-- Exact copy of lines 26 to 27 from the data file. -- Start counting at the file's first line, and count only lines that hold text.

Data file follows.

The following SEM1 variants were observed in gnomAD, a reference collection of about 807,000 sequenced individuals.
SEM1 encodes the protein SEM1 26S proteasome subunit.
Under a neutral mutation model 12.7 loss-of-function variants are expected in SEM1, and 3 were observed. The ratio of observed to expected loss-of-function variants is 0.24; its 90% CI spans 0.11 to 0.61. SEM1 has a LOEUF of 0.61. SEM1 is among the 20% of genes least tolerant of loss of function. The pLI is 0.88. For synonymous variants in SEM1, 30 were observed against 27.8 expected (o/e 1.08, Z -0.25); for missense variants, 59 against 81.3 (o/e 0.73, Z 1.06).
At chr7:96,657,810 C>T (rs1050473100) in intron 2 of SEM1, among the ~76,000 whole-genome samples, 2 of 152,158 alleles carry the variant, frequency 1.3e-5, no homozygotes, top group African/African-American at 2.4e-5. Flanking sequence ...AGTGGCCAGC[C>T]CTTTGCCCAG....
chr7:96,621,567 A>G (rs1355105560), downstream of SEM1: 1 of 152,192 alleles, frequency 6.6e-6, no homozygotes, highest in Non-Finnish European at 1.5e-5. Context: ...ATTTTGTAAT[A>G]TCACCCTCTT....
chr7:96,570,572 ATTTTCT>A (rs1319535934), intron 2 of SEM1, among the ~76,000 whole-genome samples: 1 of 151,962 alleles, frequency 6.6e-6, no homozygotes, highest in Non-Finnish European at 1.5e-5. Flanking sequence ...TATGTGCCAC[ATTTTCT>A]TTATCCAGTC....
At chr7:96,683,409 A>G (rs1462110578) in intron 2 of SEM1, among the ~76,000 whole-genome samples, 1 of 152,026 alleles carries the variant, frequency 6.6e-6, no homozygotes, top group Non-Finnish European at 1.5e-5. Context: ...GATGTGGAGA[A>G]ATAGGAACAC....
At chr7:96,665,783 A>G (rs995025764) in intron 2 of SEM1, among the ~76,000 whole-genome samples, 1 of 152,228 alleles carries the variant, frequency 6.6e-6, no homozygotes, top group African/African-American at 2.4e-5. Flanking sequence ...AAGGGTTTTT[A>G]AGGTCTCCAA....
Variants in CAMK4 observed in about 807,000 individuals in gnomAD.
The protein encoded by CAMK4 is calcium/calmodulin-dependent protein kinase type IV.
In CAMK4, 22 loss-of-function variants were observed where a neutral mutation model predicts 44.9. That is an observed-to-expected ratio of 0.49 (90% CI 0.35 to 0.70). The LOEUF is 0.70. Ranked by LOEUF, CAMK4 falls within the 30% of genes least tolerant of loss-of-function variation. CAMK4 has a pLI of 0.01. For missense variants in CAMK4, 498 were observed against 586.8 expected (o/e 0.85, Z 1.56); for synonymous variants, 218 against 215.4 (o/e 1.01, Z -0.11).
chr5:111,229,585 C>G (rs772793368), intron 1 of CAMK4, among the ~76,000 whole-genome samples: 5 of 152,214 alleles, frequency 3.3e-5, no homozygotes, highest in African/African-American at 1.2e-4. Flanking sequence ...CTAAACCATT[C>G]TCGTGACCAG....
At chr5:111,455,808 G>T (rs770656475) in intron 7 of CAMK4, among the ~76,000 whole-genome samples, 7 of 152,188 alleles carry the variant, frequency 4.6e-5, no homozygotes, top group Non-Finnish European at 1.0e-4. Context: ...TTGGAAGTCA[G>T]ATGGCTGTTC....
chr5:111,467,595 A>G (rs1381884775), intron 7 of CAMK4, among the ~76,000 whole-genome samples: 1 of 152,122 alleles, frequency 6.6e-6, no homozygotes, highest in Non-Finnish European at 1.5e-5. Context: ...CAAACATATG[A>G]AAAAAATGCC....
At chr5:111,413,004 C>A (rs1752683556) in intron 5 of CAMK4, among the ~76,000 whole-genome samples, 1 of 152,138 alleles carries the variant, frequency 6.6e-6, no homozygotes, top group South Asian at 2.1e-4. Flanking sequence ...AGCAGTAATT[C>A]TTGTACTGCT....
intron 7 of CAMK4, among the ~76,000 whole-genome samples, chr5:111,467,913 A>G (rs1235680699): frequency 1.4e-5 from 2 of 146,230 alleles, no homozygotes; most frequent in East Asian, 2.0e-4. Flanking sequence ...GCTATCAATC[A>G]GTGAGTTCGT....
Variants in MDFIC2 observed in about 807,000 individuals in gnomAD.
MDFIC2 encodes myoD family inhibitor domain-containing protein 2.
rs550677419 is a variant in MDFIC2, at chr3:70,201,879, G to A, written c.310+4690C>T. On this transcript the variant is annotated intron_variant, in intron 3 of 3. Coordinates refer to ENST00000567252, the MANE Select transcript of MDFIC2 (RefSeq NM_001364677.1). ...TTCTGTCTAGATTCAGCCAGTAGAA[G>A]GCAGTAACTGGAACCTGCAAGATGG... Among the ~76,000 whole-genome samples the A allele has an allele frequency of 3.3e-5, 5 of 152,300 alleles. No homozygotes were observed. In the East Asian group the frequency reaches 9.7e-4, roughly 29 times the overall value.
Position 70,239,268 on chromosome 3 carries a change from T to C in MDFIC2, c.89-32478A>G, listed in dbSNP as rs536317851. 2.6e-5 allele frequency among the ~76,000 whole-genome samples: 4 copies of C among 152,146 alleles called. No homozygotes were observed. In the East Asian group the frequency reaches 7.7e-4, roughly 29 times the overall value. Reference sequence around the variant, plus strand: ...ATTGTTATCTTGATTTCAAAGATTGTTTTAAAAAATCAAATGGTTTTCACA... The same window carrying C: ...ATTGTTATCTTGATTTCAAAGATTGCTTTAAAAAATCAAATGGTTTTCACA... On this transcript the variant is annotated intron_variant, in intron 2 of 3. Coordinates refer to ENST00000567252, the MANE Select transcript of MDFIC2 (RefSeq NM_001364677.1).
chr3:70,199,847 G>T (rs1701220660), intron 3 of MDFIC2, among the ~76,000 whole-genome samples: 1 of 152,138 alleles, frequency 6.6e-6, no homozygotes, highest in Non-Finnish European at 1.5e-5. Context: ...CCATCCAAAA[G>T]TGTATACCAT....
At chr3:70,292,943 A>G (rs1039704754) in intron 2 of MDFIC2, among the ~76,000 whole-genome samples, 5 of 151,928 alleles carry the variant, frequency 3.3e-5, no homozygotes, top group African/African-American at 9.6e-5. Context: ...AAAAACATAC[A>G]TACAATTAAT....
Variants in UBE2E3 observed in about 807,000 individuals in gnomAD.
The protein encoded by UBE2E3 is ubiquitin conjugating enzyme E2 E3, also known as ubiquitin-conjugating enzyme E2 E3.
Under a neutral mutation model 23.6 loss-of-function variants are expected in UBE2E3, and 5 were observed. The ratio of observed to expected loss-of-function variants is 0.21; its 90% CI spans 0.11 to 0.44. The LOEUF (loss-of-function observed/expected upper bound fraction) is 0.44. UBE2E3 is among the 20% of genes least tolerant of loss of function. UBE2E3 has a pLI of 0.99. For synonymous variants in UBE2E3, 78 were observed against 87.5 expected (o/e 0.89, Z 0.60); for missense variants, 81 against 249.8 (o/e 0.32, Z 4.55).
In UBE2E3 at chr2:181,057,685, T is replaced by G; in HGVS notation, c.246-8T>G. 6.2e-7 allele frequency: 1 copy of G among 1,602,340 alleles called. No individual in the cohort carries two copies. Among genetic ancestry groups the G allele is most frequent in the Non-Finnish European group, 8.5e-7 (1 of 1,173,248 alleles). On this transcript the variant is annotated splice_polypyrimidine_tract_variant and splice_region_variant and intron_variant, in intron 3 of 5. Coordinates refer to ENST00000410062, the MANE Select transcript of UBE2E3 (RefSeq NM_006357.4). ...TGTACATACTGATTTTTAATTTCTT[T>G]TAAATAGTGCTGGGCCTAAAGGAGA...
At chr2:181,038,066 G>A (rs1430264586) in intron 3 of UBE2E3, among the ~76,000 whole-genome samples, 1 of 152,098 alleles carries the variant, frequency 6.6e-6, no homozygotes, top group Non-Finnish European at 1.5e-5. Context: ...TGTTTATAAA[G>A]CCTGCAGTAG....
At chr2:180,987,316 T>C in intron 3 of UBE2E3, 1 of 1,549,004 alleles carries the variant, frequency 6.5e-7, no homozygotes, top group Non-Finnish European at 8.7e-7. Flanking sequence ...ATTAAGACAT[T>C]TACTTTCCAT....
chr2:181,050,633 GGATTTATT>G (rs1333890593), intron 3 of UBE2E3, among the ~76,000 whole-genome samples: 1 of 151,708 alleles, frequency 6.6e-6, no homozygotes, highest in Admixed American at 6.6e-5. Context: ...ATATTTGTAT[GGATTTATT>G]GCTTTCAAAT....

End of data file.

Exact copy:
In UBE2E3 at chr2:181,057,685, T is replaced by G; in HGVS notation, c.246-8T>G. 6.2e-7 allele frequency: 1 copy of G among 1,602,340 alleles called. No individual in the cohort carries two copies. Among genetic ancestry groups the G allele is most frequent in the Non-Finnish European group, 8.5e-7 (1 of 1,173,248 alleles). On this transcript the variant is annotated splice_polypyrimidine_tract_variant and splice_region_variant and intron_variant, in intron 3 of 5. Coordinates refer to ENST00000410062, the MANE Select transcript of UBE2E3 (RefSeq NM_006357.4). ...TGTACATACTGATTTTTAATTTCTT[T>G]TAAATAGTGCTGGGCCTAAAGGAGA...
At chr2:181,038,066 G>A (rs1430264586) in intron 3 of UBE2E3, among the ~76,000 whole-genome samples, 1 of 152,098 alleles carries the variant, frequency 6.6e-6, no homozygotes, top group Non-Finnish European at 1.5e-5. Context: ...TGTTTATAAA[G>A]CCTGCAGTAG....